Dyeing can be done in various stages of the processing of wool, both before the spinning, in the yarn or after weaving. Traditionally, plants were used for this purpose as a wild mignonette, (dyers') woad and madder below.

To have a good ”catch” of dye on wool, the wool is first stained with potassium dichromate (orange powder that gives a yellowish effect), tartaric (fine white powder), alum and previously urine. The scales on the wool fiber are opened thereby allowing the dye can adhere better to the wool. Most natural dyes need a mordant to fix the color to the fiber and increase lightfastness.
Alum is the most widely used non-toxic mordant. Pour in a (not aluminum) pan 15-20 grams of alum per 100 grams of wool in more than lukewarm water. Put the wool in. Bring slowly to boil and let simmer for 1 hour. Let the water cool down to about 40 degrees and you can start painting. (It can also be done later if you have the wool left to dry slowly.)

Iron sulphate and copper sulphateis used for fixation or mordating after dyeing. They make the color darker.

Yellow / orange

The wild (or yellow) mignonette (Reseda luteola) grows in the Mediterranean region, and was also widely grown in the area around the East Flemish town of Aalst. It is an annual or biennial plant, which blooms with bright yellow flowers in June to September. The plant can be high up to 1m in a sunny place. Harvesting must take place before the seed shoots. Mignonette contain the dyes luteolin and apigenin that paint yellow. The largest concentrations are in the tops of the shoots and in the seeds.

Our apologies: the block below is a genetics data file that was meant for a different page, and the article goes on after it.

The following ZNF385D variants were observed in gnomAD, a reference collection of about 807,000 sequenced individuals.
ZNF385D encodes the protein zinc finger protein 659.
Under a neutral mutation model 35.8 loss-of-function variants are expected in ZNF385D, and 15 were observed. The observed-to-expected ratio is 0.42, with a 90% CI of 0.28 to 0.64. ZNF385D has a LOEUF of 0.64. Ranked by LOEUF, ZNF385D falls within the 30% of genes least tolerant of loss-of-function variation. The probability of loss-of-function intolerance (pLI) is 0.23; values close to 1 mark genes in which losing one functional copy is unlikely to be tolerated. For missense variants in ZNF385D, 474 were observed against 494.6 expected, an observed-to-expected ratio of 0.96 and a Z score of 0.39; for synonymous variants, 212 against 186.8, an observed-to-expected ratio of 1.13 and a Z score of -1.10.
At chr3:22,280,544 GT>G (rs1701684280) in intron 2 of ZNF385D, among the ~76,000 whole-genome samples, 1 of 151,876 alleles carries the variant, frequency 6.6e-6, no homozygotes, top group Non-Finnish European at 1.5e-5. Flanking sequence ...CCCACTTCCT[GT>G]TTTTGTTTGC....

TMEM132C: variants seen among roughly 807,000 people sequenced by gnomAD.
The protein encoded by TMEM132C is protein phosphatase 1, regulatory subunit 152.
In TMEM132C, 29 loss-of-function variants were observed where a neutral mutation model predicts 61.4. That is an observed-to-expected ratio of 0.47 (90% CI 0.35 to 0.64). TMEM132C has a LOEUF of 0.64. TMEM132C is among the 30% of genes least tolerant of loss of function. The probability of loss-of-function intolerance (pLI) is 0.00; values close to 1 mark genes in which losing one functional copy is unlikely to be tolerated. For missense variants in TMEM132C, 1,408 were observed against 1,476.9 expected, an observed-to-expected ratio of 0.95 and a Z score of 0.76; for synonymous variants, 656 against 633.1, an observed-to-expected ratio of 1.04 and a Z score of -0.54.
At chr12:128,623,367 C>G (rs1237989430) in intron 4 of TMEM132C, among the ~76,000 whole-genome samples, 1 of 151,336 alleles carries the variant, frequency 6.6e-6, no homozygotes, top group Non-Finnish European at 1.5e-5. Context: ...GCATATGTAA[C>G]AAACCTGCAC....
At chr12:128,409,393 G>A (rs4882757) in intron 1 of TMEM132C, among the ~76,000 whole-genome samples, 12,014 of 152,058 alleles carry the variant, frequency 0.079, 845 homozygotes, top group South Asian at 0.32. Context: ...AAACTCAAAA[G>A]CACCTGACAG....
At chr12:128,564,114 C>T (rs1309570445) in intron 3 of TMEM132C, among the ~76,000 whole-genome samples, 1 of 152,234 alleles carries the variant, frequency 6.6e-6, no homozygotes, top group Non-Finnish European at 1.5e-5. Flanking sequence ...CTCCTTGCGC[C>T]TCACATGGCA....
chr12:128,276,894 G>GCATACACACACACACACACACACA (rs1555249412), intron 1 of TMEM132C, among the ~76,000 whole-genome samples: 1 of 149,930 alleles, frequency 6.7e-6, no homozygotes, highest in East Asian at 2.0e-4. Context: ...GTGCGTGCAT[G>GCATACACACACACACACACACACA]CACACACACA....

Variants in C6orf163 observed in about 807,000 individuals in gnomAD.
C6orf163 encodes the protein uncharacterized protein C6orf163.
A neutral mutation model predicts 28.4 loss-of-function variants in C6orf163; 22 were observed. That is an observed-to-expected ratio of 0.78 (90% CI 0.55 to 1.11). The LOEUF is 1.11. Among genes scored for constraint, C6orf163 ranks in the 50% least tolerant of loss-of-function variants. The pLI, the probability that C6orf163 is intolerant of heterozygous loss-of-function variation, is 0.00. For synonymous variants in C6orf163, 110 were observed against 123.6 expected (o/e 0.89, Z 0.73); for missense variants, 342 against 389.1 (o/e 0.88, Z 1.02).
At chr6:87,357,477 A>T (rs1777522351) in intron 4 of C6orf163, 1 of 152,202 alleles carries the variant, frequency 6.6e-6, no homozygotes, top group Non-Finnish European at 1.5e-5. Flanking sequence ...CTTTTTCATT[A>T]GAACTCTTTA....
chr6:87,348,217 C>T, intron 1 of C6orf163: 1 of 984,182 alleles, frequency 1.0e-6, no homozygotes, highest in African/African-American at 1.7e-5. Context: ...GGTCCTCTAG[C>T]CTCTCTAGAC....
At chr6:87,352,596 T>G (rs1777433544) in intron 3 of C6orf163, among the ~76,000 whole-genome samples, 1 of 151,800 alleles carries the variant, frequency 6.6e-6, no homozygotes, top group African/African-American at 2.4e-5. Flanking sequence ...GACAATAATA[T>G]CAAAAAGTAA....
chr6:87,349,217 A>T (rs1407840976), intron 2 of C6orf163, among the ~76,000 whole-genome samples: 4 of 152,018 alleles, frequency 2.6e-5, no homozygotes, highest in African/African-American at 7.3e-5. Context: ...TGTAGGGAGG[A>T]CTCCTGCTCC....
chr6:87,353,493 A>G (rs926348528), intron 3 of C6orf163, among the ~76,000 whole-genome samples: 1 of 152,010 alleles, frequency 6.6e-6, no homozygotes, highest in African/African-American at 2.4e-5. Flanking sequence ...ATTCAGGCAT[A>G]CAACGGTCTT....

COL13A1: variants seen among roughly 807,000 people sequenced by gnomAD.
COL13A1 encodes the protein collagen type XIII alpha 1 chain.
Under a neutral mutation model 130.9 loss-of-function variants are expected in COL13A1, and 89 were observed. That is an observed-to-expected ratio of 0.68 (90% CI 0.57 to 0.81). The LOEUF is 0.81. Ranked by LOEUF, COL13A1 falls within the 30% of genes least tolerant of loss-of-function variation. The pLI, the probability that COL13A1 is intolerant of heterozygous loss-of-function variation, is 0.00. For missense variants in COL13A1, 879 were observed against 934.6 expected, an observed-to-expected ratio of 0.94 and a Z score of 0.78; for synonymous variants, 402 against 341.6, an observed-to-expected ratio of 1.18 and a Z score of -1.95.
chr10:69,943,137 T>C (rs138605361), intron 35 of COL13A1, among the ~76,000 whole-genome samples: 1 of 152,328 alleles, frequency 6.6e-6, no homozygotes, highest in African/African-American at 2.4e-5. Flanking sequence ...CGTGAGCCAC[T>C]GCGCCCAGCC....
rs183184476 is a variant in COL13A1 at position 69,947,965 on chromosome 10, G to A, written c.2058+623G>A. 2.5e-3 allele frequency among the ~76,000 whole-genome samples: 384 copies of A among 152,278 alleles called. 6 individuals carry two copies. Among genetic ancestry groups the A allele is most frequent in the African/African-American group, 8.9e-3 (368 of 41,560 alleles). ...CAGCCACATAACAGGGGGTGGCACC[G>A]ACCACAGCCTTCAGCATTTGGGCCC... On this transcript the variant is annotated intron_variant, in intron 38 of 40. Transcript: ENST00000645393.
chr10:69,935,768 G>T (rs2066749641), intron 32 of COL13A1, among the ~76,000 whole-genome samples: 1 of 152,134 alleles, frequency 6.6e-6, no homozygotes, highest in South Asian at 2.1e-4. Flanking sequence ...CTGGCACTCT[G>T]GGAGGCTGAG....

Mignonette was first boiled in water with old urine to promote the extraction of the dyes. For dyeing textiles alum and bran are used as mordant.
When dyeing wool, the whole plant is used: 200 gr. for 100 gr. wool.

Bright yellow, you also get from goldenrod or poplar buds.
Please note that when dyeing with onion skins (Allium cepa), the desired color goes from bright yellow to orange - golden brown.
Tansy (Tanacetum vulgare): flowering tops
Juniper (Juniperus communis): freshly crushed berries
Coltsfoot (ass’s foot,..) (Tussilago farfara): whole plant
Privet (Ligustrum vulgare) leaves and young shoots
Heather (Calluna vulgaris): young tops
Dyer’s broom (or –greenweed) (Genista tinctoria): flowering tops  gekleurdewol Dyer’s (or yellow) chamomile (Anthemis tinctoria): flowers
Orange lichen(Xanthoria parietina) (protected) gives soft yellow.

Bracken (Pteridium aquilinum): young shoots
Nettle (Urtica dioica): whole plant
Privet (Ligustrum vulgare): ripe berries
Wild ginger (Asarum europaeum): root
Heather (Calluna vulgaris): fresh sprigs
Elderberry (Sambucus nigra): leaf
Birch Leaf gives fresh green


(Dyers') woad or glastum (Isatis tinctoria) is a plant of the cabbage family (Brassicaceae). There can be extracted indigo from. The plant can reach 1 m high. The yellow flowers have four petals and grow in bunches.

The woad is harvested, cut in pieces and entered into a rotting process. Then kneaded in a clay like ball and dried. The ball is with bran and water (possibly with madder) fermented. After one or two days, this gives a yellow - greenish liquid.